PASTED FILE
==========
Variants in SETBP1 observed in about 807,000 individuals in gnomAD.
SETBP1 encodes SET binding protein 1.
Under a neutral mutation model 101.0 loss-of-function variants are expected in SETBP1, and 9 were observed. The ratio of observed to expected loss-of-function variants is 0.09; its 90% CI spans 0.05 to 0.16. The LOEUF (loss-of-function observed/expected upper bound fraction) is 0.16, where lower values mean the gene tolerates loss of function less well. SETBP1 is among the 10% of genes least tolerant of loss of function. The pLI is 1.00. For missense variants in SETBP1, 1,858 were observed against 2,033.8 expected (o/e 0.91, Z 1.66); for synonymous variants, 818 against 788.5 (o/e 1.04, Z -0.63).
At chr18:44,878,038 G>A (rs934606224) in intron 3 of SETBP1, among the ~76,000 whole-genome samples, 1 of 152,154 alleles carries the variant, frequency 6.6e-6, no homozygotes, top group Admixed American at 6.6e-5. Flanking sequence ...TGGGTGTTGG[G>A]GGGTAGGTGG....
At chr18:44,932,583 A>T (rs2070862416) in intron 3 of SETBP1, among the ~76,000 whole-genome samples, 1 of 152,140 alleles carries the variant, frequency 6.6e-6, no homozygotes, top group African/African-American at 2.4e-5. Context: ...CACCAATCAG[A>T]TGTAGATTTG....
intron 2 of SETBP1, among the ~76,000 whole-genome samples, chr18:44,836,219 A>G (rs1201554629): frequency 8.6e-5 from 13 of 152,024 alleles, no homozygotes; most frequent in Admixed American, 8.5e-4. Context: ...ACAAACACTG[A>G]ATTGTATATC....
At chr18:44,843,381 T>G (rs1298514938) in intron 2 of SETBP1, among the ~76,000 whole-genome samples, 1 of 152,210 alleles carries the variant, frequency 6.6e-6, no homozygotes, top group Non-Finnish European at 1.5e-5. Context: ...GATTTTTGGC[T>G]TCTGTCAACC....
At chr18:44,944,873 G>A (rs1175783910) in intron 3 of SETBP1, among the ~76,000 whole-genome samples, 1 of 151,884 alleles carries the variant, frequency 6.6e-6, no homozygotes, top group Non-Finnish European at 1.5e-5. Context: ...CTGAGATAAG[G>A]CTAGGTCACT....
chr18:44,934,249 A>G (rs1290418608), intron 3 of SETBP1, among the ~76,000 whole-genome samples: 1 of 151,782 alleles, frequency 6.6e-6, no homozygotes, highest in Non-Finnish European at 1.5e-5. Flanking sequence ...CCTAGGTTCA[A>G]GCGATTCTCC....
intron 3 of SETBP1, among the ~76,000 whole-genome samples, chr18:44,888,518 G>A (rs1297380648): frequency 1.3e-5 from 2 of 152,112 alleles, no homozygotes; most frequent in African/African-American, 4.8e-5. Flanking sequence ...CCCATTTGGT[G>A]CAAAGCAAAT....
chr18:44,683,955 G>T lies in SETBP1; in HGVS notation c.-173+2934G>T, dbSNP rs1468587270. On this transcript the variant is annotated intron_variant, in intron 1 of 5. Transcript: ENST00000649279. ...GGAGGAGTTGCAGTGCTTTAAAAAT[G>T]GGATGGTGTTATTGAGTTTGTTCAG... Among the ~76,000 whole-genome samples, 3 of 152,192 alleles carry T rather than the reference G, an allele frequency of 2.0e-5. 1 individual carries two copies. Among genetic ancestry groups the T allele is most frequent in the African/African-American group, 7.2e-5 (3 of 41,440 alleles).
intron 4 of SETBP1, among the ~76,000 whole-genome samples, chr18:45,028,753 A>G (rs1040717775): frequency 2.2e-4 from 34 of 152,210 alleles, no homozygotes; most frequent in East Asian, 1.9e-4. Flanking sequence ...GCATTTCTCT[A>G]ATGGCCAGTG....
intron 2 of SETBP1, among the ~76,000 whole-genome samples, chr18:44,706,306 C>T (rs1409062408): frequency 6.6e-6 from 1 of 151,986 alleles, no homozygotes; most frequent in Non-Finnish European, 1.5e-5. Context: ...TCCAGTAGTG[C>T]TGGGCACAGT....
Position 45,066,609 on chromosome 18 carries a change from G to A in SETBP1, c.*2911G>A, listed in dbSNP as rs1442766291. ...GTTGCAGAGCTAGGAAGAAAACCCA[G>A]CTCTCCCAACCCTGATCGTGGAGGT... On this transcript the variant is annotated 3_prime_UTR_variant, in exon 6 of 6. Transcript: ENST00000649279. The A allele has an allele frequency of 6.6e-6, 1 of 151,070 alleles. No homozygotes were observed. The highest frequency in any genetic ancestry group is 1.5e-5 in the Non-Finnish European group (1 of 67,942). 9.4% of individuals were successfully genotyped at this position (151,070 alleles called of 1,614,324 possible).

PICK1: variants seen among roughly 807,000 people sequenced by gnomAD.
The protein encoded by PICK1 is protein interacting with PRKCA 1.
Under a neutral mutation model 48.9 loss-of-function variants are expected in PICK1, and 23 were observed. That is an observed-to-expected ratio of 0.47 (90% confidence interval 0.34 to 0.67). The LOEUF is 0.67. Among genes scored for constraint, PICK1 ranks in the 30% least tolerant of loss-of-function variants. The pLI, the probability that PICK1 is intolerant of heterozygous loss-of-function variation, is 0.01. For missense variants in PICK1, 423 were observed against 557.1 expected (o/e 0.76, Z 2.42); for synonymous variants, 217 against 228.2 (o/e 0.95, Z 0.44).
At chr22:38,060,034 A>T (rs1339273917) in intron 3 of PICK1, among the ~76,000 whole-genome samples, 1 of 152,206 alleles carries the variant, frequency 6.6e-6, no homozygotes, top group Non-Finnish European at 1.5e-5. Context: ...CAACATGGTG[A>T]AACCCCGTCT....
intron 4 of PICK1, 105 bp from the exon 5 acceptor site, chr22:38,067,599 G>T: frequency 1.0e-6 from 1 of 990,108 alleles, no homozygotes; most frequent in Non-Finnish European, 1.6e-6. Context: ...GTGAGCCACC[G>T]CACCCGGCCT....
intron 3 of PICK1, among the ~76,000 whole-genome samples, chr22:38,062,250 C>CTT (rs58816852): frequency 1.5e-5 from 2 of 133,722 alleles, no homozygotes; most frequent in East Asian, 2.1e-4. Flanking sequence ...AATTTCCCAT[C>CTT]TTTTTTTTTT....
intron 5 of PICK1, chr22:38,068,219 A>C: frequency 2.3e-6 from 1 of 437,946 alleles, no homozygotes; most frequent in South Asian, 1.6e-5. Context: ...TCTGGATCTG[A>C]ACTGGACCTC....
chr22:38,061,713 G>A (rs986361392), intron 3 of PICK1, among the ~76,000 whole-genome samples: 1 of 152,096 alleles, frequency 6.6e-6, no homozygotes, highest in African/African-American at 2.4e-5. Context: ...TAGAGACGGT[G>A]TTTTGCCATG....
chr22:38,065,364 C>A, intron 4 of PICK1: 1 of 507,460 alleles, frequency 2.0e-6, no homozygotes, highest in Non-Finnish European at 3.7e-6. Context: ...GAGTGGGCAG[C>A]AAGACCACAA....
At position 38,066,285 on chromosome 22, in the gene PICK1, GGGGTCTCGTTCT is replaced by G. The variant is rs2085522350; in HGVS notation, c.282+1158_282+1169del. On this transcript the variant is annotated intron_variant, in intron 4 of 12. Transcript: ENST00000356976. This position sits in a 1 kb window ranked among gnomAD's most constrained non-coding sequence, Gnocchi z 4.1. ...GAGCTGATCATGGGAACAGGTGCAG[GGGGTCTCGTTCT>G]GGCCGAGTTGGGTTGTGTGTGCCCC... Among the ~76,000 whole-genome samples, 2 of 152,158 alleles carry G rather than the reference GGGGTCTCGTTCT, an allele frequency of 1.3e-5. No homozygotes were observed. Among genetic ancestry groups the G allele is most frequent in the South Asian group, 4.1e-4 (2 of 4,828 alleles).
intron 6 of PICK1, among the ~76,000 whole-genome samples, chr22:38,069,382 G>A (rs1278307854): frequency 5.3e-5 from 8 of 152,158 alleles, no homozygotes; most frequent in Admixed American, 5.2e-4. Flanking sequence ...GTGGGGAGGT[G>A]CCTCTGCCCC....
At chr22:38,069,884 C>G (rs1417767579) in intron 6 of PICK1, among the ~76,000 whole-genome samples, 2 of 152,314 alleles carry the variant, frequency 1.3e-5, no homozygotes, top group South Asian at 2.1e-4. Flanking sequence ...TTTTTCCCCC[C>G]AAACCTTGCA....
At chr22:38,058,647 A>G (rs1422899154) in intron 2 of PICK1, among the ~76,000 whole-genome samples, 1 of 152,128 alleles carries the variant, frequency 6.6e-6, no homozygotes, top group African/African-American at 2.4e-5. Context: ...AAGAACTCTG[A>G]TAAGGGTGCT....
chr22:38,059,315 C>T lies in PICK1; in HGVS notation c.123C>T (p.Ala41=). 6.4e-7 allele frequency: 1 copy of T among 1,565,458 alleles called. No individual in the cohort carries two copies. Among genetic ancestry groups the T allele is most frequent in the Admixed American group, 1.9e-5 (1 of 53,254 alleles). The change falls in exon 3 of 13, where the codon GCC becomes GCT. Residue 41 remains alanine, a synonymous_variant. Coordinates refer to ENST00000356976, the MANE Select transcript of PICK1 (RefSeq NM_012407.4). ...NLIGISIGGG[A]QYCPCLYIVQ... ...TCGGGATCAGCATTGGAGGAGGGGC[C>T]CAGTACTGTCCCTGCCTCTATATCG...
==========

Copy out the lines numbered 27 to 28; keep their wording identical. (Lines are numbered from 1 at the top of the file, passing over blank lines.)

At chr22:38,058,647 A>G (rs1422899154) in intron 2 of PICK1, among the ~76,000 whole-genome samples, 1 of 152,128 alleles carries the variant, frequency 6.6e-6, no homozygotes, top group African/African-American at 2.4e-5. Context: ...AAGAACTCTG[A>G]TAAGGGTGCT....
chr22:38,059,315 C>T lies in PICK1; in HGVS notation c.123C>T (p.Ala41=). 6.4e-7 allele frequency: 1 copy of T among 1,565,458 alleles called. No individual in the cohort carries two copies. Among genetic ancestry groups the T allele is most frequent in the Admixed American group, 1.9e-5 (1 of 53,254 alleles). The change falls in exon 3 of 13, where the codon GCC becomes GCT. Residue 41 remains alanine, a synonymous_variant. Coordinates refer to ENST00000356976, the MANE Select transcript of PICK1 (RefSeq NM_012407.4). ...NLIGISIGGG[A]QYCPCLYIVQ... ...TCGGGATCAGCATTGGAGGAGGGGC[C>T]CAGTACTGTCCCTGCCTCTATATCG...